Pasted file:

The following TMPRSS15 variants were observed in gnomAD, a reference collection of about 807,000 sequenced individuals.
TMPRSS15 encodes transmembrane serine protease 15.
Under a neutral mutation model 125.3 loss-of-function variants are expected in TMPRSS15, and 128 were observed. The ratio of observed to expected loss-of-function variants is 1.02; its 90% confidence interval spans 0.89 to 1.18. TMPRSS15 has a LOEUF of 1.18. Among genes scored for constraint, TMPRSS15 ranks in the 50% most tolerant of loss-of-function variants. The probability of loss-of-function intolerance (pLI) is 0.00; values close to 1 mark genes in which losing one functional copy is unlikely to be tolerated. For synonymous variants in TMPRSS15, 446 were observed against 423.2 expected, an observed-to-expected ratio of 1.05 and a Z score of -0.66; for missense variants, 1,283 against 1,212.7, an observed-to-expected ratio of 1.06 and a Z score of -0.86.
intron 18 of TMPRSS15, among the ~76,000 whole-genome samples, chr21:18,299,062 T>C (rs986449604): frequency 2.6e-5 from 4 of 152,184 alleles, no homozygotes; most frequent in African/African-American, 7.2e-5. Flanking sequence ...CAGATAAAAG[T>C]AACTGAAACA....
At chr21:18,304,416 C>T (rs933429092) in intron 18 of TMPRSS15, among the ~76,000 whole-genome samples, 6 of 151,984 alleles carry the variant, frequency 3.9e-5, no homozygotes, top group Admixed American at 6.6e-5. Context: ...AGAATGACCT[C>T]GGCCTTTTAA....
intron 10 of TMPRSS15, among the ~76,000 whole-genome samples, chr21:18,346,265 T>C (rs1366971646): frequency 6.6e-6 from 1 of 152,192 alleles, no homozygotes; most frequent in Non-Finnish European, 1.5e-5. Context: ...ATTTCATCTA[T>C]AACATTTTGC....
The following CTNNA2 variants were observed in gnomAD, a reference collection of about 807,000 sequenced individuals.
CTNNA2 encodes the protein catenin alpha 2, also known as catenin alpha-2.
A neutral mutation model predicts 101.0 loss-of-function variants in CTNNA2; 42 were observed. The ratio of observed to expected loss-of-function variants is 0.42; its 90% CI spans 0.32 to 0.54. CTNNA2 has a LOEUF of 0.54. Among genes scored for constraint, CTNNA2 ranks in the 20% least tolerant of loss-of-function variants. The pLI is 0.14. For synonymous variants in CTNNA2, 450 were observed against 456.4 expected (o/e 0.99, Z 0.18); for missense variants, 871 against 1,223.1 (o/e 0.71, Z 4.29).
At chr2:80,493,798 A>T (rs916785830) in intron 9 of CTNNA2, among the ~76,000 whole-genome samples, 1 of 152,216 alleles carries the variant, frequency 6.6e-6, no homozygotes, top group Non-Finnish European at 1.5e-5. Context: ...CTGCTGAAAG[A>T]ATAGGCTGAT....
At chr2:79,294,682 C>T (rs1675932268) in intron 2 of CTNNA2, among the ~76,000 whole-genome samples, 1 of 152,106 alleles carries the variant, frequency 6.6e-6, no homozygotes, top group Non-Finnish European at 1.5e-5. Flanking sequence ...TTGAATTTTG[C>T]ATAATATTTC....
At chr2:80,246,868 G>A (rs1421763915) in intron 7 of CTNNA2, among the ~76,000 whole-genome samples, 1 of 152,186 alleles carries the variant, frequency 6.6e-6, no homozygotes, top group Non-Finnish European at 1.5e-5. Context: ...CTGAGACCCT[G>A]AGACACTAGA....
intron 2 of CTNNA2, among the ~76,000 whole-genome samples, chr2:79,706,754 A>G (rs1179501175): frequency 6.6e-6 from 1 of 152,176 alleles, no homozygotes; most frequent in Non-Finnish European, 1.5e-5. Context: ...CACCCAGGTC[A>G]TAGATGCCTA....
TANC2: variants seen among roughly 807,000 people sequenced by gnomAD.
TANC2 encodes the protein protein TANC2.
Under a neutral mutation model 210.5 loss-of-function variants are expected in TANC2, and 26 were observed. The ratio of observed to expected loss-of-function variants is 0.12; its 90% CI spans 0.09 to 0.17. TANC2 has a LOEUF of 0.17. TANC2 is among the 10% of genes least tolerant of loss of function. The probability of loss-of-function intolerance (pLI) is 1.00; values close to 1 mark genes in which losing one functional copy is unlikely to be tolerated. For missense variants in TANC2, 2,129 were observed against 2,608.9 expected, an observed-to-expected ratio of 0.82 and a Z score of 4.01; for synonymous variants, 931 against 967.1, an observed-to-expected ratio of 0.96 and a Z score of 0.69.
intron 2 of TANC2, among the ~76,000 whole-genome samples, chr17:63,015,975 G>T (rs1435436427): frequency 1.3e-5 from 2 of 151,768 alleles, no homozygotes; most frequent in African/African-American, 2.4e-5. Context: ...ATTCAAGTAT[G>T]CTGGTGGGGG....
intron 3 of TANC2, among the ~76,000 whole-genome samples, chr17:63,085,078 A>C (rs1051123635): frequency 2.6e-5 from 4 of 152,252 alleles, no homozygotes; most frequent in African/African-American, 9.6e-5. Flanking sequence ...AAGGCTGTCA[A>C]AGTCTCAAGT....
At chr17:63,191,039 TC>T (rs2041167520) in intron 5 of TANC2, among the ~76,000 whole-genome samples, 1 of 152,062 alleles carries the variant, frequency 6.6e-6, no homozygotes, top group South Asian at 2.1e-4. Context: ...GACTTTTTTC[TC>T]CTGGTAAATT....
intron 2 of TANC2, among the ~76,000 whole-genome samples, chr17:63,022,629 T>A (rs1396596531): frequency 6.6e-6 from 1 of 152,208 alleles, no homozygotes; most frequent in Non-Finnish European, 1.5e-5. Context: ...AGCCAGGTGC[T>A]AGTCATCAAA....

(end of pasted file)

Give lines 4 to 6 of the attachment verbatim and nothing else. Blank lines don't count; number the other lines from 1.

intron 18 of TMPRSS15, among the ~76,000 whole-genome samples, chr21:18,299,062 T>C (rs986449604): frequency 2.6e-5 from 4 of 152,184 alleles, no homozygotes; most frequent in African/African-American, 7.2e-5. Flanking sequence ...CAGATAAAAG[T>C]AACTGAAACA....
At chr21:18,304,416 C>T (rs933429092) in intron 18 of TMPRSS15, among the ~76,000 whole-genome samples, 6 of 151,984 alleles carry the variant, frequency 3.9e-5, no homozygotes, top group Admixed American at 6.6e-5. Context: ...AGAATGACCT[C>T]GGCCTTTTAA....
intron 10 of TMPRSS15, among the ~76,000 whole-genome samples, chr21:18,346,265 T>C (rs1366971646): frequency 6.6e-6 from 1 of 152,192 alleles, no homozygotes; most frequent in Non-Finnish European, 1.5e-5. Context: ...ATTTCATCTA[T>C]AACATTTTGC....